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Any air experts? air ammeter needed

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Andrew Entwistle21/08/2015 20:00:29
106 forum posts
200 photos

Ian, sorry I missed your earlier post about the eBay rotameters you bought. Surely one of those plumbed to push-fits with the valve fully open will be perfect to detect even 1/50 of a CFM flow?


Ian Parkin21/08/2015 20:17:42
1020 forum posts
239 photos


yes i hope they will work its just they only rated at 100 psi rather than the 150 psi likely

Also the meter will not be left in place its just for fault finding purposes

most of the time the whole system works in spite of leaks... the first time problems flag up is when the compressor packs in because its running 100 % of the time

A big leak is obvious because one unit wont work or one actuator fails to move..its just lots of small leaks that build up to a massive air loss

Ian P21/08/2015 20:51:28
2590 forum posts
114 photos
Posted by Ian Parkin on 21/08/2015 17:13:08:

John what people are not grasping is that to take ALL the panels off takes perhaps 2 days to find a leak that takes 2 mins to cure when the panels are off the leaks are easy

I need to speed that up by diagnosing where it may be before dismantling

This is a multi million pond press new and with 3 very highly paid blokes not working so time is of the essence

If this is nearly new, cost millions and take hours to gain access its obviously not fit for purpose and I would send it back!!!

Seriously though, I'm flabbergasted that such a complex bit of kit does not have built in diagnostics. For something that is a fundamental part of an industrial process running continuously I would expect numerous temperature sensors, bearing vibration monitors and miscellaneous other transducers so that the health of the machine is always known.

As to the covers being so time consuming to remove, they are obviously in the wrong place. Are the covers to stop people trapping fingers or purely decorative?

Ian P

Ian Parkin21/08/2015 21:32:03
1020 forum posts
239 photos

This is the type of press

the panels on each side on a kba are made of 10mm thick alloy those are the white door size areas near the top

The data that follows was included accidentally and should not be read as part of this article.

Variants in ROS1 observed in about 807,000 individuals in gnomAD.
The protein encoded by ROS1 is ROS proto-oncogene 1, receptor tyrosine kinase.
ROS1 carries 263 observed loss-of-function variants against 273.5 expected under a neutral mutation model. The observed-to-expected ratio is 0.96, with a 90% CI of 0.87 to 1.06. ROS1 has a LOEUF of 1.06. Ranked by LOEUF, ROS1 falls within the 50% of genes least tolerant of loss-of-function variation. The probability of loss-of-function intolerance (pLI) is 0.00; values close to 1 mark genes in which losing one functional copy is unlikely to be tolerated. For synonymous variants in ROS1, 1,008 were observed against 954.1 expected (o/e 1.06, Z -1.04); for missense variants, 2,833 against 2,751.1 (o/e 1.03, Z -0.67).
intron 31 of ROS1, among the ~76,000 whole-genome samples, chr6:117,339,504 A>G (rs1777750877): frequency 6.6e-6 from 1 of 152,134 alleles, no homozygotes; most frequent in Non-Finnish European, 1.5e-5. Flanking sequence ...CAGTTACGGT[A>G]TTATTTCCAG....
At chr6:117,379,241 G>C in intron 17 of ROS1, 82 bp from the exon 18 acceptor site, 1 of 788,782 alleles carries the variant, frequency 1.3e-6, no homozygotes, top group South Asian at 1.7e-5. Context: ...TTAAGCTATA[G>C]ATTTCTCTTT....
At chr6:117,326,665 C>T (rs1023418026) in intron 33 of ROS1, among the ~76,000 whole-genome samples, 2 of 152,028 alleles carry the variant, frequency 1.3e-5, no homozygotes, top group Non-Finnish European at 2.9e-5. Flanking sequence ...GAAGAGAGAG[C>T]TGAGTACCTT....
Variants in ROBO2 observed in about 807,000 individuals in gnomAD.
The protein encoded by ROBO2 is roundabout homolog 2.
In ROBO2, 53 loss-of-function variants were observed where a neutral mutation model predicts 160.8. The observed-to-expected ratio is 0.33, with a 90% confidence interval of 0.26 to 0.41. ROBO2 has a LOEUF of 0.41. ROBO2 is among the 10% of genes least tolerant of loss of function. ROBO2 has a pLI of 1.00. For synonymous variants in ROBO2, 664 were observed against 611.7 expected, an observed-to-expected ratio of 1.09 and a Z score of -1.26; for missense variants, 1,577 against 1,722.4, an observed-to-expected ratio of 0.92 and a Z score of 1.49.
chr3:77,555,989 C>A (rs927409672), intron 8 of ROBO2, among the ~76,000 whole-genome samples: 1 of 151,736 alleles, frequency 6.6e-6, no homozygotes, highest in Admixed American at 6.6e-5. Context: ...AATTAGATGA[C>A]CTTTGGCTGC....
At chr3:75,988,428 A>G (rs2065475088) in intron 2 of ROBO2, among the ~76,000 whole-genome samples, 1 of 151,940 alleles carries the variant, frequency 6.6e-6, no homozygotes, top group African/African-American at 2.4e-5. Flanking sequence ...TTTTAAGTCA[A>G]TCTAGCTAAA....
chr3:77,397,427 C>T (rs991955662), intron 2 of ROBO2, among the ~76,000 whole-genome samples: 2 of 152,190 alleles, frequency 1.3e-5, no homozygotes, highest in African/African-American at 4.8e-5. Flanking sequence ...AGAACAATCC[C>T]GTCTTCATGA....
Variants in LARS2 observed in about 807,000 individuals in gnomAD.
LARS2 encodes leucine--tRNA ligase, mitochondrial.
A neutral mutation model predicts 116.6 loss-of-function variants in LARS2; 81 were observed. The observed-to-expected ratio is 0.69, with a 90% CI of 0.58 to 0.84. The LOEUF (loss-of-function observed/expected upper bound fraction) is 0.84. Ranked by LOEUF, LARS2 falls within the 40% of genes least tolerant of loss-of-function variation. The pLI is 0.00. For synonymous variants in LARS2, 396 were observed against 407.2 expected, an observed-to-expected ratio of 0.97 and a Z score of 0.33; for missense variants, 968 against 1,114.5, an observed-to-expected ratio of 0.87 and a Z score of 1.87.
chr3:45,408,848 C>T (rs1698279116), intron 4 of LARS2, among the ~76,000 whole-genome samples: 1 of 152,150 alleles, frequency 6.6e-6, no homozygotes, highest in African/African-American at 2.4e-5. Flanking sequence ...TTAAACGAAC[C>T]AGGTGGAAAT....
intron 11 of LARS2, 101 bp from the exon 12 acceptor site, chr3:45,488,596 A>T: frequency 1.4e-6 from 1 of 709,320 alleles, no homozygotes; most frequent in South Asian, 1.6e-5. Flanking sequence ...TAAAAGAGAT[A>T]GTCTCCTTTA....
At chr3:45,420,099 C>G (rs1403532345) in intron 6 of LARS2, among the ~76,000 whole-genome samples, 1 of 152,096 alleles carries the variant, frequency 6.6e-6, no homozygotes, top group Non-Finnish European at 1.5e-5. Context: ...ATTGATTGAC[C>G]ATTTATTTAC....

under there is the control systems of the machine

the air supply pipes and control valves are under the running boards


So imagine being called in to fix a problem with this when the operator tells you the hp compressor is running all the time and kicking out due to overheating and having to find the problem quickly while 3 blokes stand around doing nothing and a factory full of machines all making lots of noise

jason udall21/08/2015 22:16:45
2031 forum posts
41 photos
Can only offer what I would have done.
If a leak can be "heard".. or otherwise detected..
Isolate chunks till leak goes away.

Thusly your need for a flow meter. ..

Now the u/s detector might be steep but really is this so expensive in comparison to three expensive guys waiting round....
What I would have done was isolate a bay at a time and Isolate the culprit.

Isolate and watch pressure drop...think RC discharge. ..the rate of pressure drop will indicate consumption
...either way you are needing to isolate and monitor. .
Ben Spicer29/08/2015 11:30:34
8 forum posts
4 photos


At work we used an ultrasonic leak detector. Our compressor room if extremely noisy with 7 large oil free 2 stage compressors screaming away. It comes with noise cancelling ear defenders which connect to the detector.


The detector itself has some sort of crystal in the end which becomes "excited" when in contact with an air leak. This the actually gives you a totally individual sound of each leak. You can even get a rough idea of the size of the leak, it sounds that good. It will also guide you to the leak if your in the rough area, as the crystal becomes more excited you will hear the leak becoming more intense.


I'm NOT connected to this manufacture in anyway, its just a useful piece of kit we use. I'd imagine that you would have to take all the panels off anyway to attach a "meter" of some sort.